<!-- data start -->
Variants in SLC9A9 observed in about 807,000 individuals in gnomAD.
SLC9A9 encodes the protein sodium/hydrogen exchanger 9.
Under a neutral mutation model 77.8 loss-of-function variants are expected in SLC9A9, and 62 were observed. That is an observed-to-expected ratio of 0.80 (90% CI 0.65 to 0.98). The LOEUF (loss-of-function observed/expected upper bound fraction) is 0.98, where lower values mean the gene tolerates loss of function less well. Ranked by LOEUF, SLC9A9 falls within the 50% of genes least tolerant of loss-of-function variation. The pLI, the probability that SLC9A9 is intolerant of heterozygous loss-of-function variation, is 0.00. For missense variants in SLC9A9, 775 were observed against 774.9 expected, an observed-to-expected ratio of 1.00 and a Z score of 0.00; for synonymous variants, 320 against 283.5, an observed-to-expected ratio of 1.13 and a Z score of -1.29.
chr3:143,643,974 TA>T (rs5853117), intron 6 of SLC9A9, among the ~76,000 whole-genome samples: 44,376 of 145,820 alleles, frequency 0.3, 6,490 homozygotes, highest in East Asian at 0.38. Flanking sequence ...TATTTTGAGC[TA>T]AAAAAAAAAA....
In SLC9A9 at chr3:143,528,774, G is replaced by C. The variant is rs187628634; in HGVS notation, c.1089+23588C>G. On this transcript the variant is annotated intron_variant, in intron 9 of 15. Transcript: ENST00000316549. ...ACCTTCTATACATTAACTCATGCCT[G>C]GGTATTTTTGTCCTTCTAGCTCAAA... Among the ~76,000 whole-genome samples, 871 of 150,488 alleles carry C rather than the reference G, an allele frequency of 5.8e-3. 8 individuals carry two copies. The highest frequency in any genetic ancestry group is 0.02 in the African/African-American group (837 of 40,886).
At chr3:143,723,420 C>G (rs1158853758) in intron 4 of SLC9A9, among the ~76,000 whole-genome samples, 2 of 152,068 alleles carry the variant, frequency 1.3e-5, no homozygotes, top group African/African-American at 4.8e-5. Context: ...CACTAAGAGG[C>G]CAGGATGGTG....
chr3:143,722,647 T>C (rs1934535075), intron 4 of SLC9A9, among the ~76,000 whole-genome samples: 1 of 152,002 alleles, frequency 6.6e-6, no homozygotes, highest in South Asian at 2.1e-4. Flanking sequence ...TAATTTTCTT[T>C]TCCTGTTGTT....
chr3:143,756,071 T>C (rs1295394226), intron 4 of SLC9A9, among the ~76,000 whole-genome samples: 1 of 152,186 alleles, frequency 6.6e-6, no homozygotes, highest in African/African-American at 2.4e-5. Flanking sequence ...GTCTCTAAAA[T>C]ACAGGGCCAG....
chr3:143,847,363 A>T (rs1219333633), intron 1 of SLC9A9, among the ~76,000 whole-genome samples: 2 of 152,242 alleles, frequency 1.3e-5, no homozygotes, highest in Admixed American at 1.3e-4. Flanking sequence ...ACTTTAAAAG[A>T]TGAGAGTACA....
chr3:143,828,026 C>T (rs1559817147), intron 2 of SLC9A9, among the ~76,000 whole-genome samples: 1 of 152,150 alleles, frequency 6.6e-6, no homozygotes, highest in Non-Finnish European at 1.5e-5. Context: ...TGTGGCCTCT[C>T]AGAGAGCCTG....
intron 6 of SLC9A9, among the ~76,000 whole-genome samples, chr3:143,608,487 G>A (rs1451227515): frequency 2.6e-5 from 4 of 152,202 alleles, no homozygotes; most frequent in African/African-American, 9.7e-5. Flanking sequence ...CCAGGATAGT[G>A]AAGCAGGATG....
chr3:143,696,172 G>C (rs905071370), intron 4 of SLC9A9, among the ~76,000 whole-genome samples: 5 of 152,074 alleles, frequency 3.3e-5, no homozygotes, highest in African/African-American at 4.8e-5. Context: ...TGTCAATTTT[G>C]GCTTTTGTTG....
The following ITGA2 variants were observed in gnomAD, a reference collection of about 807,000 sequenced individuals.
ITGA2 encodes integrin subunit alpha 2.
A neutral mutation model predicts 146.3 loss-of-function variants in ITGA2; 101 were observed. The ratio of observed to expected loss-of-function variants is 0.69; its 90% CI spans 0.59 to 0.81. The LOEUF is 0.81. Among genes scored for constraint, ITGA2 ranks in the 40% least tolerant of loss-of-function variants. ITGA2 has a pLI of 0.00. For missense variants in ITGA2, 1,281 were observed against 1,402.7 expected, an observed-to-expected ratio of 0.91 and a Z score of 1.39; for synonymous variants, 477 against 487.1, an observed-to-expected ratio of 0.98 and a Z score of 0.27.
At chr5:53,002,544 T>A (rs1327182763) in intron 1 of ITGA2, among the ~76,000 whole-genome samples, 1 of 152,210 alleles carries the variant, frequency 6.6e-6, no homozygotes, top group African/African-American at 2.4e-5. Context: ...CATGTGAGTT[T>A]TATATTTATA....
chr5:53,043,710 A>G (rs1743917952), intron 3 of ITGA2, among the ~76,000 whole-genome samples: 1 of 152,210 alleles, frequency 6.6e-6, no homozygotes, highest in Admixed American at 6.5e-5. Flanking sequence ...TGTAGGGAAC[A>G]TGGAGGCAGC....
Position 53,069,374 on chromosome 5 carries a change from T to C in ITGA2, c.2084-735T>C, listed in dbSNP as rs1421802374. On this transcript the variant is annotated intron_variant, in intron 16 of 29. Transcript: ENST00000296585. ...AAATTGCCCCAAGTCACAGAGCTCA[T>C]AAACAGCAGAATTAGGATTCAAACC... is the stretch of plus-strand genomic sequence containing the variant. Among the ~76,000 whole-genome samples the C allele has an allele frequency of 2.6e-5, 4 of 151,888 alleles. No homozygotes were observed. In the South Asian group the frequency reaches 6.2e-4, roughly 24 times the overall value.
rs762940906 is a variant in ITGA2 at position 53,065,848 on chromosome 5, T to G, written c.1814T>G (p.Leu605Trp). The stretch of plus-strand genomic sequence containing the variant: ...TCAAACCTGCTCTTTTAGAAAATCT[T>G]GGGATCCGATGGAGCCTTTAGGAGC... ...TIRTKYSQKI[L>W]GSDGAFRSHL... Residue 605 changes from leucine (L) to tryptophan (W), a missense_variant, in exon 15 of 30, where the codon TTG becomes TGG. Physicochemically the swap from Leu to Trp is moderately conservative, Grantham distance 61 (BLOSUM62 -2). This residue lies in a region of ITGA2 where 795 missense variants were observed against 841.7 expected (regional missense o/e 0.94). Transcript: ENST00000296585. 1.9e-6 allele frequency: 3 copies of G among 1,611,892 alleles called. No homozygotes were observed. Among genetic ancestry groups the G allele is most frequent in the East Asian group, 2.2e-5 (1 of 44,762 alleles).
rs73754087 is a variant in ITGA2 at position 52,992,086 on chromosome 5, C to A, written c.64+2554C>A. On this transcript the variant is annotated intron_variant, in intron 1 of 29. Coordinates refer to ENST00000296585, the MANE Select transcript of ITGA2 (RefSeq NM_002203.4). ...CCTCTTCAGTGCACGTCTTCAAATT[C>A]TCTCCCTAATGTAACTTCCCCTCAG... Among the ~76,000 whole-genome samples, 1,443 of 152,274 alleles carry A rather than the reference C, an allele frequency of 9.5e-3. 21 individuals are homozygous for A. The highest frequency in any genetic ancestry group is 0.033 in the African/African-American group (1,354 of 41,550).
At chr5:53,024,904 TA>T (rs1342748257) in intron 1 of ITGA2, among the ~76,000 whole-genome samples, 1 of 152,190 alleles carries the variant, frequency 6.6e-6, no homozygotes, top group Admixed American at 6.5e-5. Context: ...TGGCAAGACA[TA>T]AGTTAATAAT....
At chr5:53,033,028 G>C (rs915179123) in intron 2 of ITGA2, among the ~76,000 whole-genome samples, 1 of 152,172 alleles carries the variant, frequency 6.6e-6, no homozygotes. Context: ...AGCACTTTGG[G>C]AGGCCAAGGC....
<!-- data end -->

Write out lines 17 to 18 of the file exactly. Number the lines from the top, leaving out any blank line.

chr5:53,043,710 A>G (rs1743917952), intron 3 of ITGA2, among the ~76,000 whole-genome samples: 1 of 152,210 alleles, frequency 6.6e-6, no homozygotes, highest in Admixed American at 6.5e-5. Flanking sequence ...TGTAGGGAAC[A>G]TGGAGGCAGC....
Position 53,069,374 on chromosome 5 carries a change from T to C in ITGA2, c.2084-735T>C, listed in dbSNP as rs1421802374. On this transcript the variant is annotated intron_variant, in intron 16 of 29. Transcript: ENST00000296585. ...AAATTGCCCCAAGTCACAGAGCTCA[T>C]AAACAGCAGAATTAGGATTCAAACC... is the stretch of plus-strand genomic sequence containing the variant. Among the ~76,000 whole-genome samples the C allele has an allele frequency of 2.6e-5, 4 of 151,888 alleles. No homozygotes were observed. In the South Asian group the frequency reaches 6.2e-4, roughly 24 times the overall value.